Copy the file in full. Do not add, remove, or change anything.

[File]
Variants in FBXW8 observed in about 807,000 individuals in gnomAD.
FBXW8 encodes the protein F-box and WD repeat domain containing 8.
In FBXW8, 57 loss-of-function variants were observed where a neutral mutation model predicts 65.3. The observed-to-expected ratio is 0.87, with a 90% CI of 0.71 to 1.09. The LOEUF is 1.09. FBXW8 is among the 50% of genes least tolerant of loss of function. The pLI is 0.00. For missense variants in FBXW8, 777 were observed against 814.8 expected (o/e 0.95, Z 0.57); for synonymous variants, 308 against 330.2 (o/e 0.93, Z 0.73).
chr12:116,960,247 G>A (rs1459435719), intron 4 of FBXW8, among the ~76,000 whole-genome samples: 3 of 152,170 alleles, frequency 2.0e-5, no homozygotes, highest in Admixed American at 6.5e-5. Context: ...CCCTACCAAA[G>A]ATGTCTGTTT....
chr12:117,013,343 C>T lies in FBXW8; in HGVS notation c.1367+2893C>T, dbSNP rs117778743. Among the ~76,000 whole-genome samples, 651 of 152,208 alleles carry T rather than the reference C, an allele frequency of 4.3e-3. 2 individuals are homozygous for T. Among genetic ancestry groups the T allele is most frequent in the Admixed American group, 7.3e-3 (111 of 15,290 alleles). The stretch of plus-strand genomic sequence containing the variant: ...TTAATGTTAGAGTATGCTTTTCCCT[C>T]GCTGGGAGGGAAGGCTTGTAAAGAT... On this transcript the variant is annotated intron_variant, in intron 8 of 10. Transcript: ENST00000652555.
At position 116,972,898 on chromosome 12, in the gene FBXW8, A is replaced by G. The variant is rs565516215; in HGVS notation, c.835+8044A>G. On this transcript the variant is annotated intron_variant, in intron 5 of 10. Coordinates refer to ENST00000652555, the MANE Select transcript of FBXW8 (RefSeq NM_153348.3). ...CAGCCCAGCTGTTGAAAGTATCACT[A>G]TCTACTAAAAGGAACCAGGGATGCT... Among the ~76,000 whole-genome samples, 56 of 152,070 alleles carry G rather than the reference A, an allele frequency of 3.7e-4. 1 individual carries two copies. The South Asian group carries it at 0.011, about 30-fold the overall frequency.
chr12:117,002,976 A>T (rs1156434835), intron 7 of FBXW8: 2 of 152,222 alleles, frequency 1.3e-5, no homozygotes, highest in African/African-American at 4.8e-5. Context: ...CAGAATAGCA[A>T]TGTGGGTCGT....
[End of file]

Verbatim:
Variants in FBXW8 observed in about 807,000 individuals in gnomAD.
FBXW8 encodes the protein F-box and WD repeat domain containing 8.
In FBXW8, 57 loss-of-function variants were observed where a neutral mutation model predicts 65.3. The observed-to-expected ratio is 0.87, with a 90% CI of 0.71 to 1.09. The LOEUF is 1.09. FBXW8 is among the 50% of genes least tolerant of loss of function. The pLI is 0.00. For missense variants in FBXW8, 777 were observed against 814.8 expected (o/e 0.95, Z 0.57); for synonymous variants, 308 against 330.2 (o/e 0.93, Z 0.73).
chr12:116,960,247 G>A (rs1459435719), intron 4 of FBXW8, among the ~76,000 whole-genome samples: 3 of 152,170 alleles, frequency 2.0e-5, no homozygotes, highest in Admixed American at 6.5e-5. Context: ...CCCTACCAAA[G>A]ATGTCTGTTT....
chr12:117,013,343 C>T lies in FBXW8; in HGVS notation c.1367+2893C>T, dbSNP rs117778743. Among the ~76,000 whole-genome samples, 651 of 152,208 alleles carry T rather than the reference C, an allele frequency of 4.3e-3. 2 individuals are homozygous for T. Among genetic ancestry groups the T allele is most frequent in the Admixed American group, 7.3e-3 (111 of 15,290 alleles). The stretch of plus-strand genomic sequence containing the variant: ...TTAATGTTAGAGTATGCTTTTCCCT[C>T]GCTGGGAGGGAAGGCTTGTAAAGAT... On this transcript the variant is annotated intron_variant, in intron 8 of 10. Transcript: ENST00000652555.
At position 116,972,898 on chromosome 12, in the gene FBXW8, A is replaced by G. The variant is rs565516215; in HGVS notation, c.835+8044A>G. On this transcript the variant is annotated intron_variant, in intron 5 of 10. Coordinates refer to ENST00000652555, the MANE Select transcript of FBXW8 (RefSeq NM_153348.3). ...CAGCCCAGCTGTTGAAAGTATCACT[A>G]TCTACTAAAAGGAACCAGGGATGCT... Among the ~76,000 whole-genome samples, 56 of 152,070 alleles carry G rather than the reference A, an allele frequency of 3.7e-4. 1 individual carries two copies. The South Asian group carries it at 0.011, about 30-fold the overall frequency.
chr12:117,002,976 A>T (rs1156434835), intron 7 of FBXW8: 2 of 152,222 alleles, frequency 1.3e-5, no homozygotes, highest in African/African-American at 4.8e-5. Context: ...CAGAATAGCA[A>T]TGTGGGTCGT....